Flyfishing is flyfishing, right? Wrong.
(This is all background. Skip to the bottom for the wicked accomplishment.)
Level 1: The least exciting is trolling. Don't get me wrong, there's tons of fish to be caught, but it's basically letting line out and paddling until you feel the hit. This is what we did with such amazing success at Davis Lake in May.
Level 2: Nymphing comes next. Like trolling, it's a wet fly (it doesn't float on the surface), but not just being dragged through the water. Instead, you need a natural drift through the water. It's hard and usually it's coupled with something that floats that you can see. Not bad, but you don't get to see the strike. Plus, hard.
Level 3: Dry fly fishing is my favorite. The fly floats and simulates a bug that has landed on the water. You can "prospect" without seeing rising fish by just casting upstream and watching your fly float back to you. Since you'll need to strike (raise your rod) to set the hook when the fish takes the fly you need to be constantly mending the line so it's taut. But you don't want the fly to be dragged through the water. I don't eat a steak if it's moving across my plate and the fish are at least as discerning.
Level 1024: Top of the line is casting a dry fly upstream to a rising fish. This requires patience and skill and the willingness to spend your day on the water without ever casting. I've only ever done this in New Zealand while fishing with guides. It's sometimes frustrating, sometimes trying, but can be amazingly rewarding. (In other words, my biggest fish ever on a dry fly and one I felt I really earned.)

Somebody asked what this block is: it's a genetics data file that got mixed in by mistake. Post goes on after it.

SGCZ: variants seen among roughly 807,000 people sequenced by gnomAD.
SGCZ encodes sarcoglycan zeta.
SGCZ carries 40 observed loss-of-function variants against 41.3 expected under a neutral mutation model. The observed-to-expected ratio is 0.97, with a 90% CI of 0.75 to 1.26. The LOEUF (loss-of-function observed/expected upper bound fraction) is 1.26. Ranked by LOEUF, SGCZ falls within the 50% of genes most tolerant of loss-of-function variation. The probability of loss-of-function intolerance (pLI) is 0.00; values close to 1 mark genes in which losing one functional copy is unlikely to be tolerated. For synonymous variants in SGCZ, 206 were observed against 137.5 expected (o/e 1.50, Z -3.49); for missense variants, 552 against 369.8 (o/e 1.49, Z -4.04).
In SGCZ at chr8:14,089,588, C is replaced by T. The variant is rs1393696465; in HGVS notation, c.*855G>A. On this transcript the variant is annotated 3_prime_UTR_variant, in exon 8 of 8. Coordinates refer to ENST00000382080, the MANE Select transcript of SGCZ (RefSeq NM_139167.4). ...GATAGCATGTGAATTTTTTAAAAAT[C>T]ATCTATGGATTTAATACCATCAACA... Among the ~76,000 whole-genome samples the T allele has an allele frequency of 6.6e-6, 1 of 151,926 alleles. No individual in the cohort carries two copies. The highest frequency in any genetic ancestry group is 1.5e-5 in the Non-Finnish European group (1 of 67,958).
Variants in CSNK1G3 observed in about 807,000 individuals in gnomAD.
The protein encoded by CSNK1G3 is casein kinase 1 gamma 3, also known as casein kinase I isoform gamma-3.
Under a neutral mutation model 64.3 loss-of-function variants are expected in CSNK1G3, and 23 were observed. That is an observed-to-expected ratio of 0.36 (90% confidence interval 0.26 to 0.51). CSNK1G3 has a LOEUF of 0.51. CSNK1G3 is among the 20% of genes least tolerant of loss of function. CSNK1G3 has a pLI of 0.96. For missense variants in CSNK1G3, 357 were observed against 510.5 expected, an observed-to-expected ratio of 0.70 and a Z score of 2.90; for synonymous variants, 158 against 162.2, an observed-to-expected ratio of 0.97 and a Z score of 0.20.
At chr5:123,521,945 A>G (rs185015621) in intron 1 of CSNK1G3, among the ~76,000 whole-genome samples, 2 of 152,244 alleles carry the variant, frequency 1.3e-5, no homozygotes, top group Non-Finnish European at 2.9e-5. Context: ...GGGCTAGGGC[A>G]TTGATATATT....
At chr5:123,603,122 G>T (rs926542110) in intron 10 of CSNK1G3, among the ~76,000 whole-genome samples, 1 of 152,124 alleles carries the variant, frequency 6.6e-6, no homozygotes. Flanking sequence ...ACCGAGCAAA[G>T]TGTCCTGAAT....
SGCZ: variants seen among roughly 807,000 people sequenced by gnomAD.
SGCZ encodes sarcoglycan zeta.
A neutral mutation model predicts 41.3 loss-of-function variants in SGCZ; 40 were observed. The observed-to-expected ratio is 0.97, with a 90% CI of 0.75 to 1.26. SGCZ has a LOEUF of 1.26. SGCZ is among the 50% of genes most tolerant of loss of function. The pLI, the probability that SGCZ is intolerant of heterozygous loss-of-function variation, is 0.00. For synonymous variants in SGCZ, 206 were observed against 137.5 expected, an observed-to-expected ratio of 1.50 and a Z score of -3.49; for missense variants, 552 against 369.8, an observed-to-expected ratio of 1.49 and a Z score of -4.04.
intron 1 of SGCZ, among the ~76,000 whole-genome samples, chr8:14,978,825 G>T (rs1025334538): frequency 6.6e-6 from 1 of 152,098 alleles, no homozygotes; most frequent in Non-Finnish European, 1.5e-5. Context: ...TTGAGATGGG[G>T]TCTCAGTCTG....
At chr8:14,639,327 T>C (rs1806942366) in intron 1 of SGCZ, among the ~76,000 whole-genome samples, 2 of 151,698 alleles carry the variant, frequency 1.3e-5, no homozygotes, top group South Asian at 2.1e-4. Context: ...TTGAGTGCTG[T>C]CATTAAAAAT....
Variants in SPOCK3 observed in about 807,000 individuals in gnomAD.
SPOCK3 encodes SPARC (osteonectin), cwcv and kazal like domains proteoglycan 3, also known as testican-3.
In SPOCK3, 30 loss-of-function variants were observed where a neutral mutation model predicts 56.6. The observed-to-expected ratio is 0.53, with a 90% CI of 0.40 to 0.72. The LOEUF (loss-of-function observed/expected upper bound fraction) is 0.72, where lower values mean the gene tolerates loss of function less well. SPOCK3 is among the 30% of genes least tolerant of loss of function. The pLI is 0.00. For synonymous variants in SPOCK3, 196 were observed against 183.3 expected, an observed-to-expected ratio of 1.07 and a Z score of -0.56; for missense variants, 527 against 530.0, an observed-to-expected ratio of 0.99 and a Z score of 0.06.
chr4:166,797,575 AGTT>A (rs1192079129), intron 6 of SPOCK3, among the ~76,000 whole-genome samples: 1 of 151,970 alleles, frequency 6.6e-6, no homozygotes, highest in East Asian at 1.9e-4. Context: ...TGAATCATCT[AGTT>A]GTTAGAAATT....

The kids have been getting better and better at fishing. We've mostly been fishing in lakes, but with the amazing weather this summer we've spent some time fishing in the river behind the house. Lilly was the lucky one to be in the water when I walked out with boots, swimsuit, and flyrod.
We started just off our island and cast upstream and across with an elk-hair caddis. (A caddis is a lot like a little moth and a staple of fishing in the west.) Cast, cast, a take! Lilly missed the fish, but her face beamed. We moved upstream and tried again. Cast, mend, cast, mend, strike!
This time she hooked it and we brought it in.
My father tells a story about the first time he took me duck hunting. He was hoping for a killer (groan) day, but it was slow for him. We got home and my mother asked how it was. Before he could answer I exclaimed, "Great! Look at all these ducks!" I felt the same as Lilly raved about her "big" fish when we returned to the backyard.
It's all about perspective. This is a big step for Lilly and the others will follow quickly. Soon they'll be fighting over who gets to be on which side of the river and telling lies about how many and how big their fish were. Just like real fisherfolk.